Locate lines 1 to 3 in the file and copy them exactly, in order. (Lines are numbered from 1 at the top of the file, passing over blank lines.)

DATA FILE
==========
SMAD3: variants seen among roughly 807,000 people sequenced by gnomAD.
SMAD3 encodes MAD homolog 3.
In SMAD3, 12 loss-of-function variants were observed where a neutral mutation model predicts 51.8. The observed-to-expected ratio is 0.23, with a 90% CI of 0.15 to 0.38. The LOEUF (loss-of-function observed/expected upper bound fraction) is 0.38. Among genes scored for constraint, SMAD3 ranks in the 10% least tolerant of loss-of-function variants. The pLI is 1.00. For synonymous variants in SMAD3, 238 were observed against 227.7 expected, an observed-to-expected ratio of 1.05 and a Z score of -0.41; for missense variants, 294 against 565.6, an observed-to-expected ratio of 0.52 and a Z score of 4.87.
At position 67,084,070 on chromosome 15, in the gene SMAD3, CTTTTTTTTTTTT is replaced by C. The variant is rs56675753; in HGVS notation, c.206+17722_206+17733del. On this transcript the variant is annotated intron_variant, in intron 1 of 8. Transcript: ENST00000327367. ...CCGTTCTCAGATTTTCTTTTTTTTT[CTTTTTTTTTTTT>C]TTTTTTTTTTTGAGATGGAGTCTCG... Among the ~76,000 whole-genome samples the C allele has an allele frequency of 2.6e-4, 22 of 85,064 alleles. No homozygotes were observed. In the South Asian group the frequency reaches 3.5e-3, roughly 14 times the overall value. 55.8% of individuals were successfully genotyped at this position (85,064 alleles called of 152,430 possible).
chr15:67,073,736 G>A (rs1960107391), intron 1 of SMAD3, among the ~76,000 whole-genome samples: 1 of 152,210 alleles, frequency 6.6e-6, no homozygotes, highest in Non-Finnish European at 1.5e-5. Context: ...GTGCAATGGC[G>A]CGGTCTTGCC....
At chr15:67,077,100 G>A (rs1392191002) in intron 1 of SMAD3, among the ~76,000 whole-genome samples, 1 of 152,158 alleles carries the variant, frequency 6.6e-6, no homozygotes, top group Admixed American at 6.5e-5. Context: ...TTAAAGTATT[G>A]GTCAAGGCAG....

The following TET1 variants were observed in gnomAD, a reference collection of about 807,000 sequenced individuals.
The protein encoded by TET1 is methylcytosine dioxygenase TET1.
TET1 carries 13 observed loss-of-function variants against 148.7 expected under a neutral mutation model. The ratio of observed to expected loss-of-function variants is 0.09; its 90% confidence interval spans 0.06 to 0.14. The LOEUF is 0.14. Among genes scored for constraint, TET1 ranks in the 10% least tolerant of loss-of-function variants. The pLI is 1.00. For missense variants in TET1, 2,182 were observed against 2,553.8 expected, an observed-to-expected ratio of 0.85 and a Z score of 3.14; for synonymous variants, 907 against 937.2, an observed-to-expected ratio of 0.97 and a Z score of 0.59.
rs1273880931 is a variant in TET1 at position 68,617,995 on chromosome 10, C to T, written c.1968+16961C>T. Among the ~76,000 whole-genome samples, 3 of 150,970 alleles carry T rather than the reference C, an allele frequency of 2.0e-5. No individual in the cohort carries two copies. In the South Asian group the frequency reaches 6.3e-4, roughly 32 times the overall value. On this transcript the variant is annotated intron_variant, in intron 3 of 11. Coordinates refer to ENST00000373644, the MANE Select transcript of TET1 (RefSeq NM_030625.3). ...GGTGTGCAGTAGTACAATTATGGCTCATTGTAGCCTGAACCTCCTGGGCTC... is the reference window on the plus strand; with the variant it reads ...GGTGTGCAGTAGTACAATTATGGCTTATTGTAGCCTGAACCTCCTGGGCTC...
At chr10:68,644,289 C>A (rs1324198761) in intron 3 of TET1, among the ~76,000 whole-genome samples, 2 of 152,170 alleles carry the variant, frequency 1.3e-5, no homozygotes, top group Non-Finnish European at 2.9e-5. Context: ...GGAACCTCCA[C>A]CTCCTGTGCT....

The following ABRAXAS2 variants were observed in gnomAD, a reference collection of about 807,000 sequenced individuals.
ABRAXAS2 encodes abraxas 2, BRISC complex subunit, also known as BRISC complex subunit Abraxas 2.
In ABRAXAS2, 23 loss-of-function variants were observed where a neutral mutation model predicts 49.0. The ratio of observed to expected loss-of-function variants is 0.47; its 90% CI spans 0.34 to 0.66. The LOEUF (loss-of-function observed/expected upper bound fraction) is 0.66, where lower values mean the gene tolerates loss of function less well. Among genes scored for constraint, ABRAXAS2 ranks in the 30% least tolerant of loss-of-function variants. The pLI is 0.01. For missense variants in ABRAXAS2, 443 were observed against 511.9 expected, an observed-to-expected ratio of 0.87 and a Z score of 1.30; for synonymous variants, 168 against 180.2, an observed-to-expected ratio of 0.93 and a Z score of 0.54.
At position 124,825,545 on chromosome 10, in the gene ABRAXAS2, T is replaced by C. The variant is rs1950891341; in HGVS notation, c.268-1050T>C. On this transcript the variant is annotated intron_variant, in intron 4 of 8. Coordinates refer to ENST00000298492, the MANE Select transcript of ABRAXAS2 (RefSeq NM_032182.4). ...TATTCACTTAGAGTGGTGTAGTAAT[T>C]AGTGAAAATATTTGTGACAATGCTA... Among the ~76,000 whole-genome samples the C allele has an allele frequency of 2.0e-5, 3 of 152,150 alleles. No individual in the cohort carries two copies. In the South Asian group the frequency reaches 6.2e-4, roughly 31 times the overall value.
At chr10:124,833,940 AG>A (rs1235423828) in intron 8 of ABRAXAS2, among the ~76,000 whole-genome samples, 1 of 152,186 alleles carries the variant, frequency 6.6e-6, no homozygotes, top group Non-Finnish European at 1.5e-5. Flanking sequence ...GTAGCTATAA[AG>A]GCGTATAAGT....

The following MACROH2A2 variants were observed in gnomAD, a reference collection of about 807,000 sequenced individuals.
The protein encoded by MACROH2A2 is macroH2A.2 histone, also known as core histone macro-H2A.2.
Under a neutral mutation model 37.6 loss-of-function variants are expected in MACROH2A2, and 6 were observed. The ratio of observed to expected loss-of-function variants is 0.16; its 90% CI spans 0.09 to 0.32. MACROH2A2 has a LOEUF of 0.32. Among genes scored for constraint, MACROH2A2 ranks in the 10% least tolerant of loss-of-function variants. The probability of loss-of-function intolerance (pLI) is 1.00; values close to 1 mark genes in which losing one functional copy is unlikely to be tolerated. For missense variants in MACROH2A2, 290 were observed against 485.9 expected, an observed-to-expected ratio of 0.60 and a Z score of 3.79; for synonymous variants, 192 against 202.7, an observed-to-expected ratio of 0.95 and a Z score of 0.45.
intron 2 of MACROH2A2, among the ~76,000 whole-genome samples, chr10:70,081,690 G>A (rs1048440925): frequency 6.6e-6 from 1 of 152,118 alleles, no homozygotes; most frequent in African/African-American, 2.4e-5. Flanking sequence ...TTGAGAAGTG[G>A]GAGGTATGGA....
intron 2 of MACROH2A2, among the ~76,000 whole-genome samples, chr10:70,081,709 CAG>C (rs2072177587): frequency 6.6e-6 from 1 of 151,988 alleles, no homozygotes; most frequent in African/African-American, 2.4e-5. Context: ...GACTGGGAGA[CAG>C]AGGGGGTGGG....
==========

SMAD3: variants seen among roughly 807,000 people sequenced by gnomAD.
SMAD3 encodes MAD homolog 3.
In SMAD3, 12 loss-of-function variants were observed where a neutral mutation model predicts 51.8. The observed-to-expected ratio is 0.23, with a 90% CI of 0.15 to 0.38. The LOEUF (loss-of-function observed/expected upper bound fraction) is 0.38. Among genes scored for constraint, SMAD3 ranks in the 10% least tolerant of loss-of-function variants. The pLI is 1.00. For synonymous variants in SMAD3, 238 were observed against 227.7 expected, an observed-to-expected ratio of 1.05 and a Z score of -0.41; for missense variants, 294 against 565.6, an observed-to-expected ratio of 0.52 and a Z score of 4.87.